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Yoga vs. Pilates

green grass near the gray road

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What’s the Difference and What’s Best for Me?

A sticky mat, focused breathing, cute workout clothes, and strong minds and bodies — Yoga and Pilates classes have a lot in common. However, they also have significant differences, and if you don’t have three hours a day to spend at the gym test-driving both options, the following ABC’s will help you decide which class is right for you.


In Pilates classes, you’ll primarily focus on your core — the 29 muscles and 58 attachments between your hips and shoulders. In particular, you’ll really work your abs and lower-back (and you’ll also likely do a few push-ups). If that’s your main fitness focus, this is the class for you!

In yoga, on the other hand, you may focus on your core on certain days and you’ll probably do some abdominal exercises, but the focus is generally on the full body. You’ll use your arms, legs, hands, gluts, and, of course, your core to support your movement (unless you take a more gentle, restorative class, you’ll also do some push-ups here – clearly, they’re very good for you!). After a tough Pilates class, your abs will likely be the sore the next day; after a challenging yoga class, your whole body might be sore!


Pilates was developed by Joseph H. Pilates in the 1920s – he wanted to strengthen his body after a sickly childhood. In addition to the popular mat-based moves, he also created fancier equipment (the reformer, the Cadillac) designed to target the core. Yoga originated in India thousands of years ago – the moves so common in Western exercise classes (sun salutations, down dog, child’s pose, etc) were actually only used as a way to quiet the body for meditation. Most yoga classes continue to include a period of quiet meditation.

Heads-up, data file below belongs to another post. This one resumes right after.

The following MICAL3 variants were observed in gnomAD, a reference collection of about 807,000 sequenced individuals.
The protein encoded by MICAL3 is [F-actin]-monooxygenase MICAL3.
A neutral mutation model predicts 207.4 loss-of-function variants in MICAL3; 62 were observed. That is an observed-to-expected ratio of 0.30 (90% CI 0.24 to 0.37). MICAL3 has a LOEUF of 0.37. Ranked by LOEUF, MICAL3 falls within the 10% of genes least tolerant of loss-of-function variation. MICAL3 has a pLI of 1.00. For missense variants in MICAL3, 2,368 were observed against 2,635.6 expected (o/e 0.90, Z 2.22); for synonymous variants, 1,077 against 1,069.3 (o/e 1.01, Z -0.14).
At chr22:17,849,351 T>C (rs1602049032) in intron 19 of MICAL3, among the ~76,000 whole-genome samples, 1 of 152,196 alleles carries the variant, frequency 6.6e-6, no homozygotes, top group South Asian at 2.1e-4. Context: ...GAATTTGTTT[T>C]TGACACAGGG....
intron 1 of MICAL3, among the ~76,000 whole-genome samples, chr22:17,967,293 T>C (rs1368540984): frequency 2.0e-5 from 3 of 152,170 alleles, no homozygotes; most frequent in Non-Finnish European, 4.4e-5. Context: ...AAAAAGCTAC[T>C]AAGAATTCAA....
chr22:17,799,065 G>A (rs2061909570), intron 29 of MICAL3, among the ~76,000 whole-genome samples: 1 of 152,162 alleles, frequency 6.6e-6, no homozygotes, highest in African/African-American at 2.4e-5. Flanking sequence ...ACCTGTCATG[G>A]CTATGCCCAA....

The costs vary for both, but in general, a good bet is to check out free classes that are part of an existing gym membership. If that’s not an option, yoga and Pilates studios offer single class rates and package rates – the more you buy, the less it costs. Private lessons for each will be expensive (but really worthwhile if you can afford them); yoga classes rarely have a size limit, so they might cost a little less than a Pilates class that offers more individual focus.

As long as you stick with mat classes, the equipment is the same – a sticky mat (invest in your own – you can often find them at discount stores for less than $20) and your body. And be ready to take your socks off! You’ll need to ground your feet into the mat without slippery socks in the way.

If you still can’t decide between the two, look for a combo Yoga/Pilates class (often called Yoga-lates) that incorporates the best of both worlds!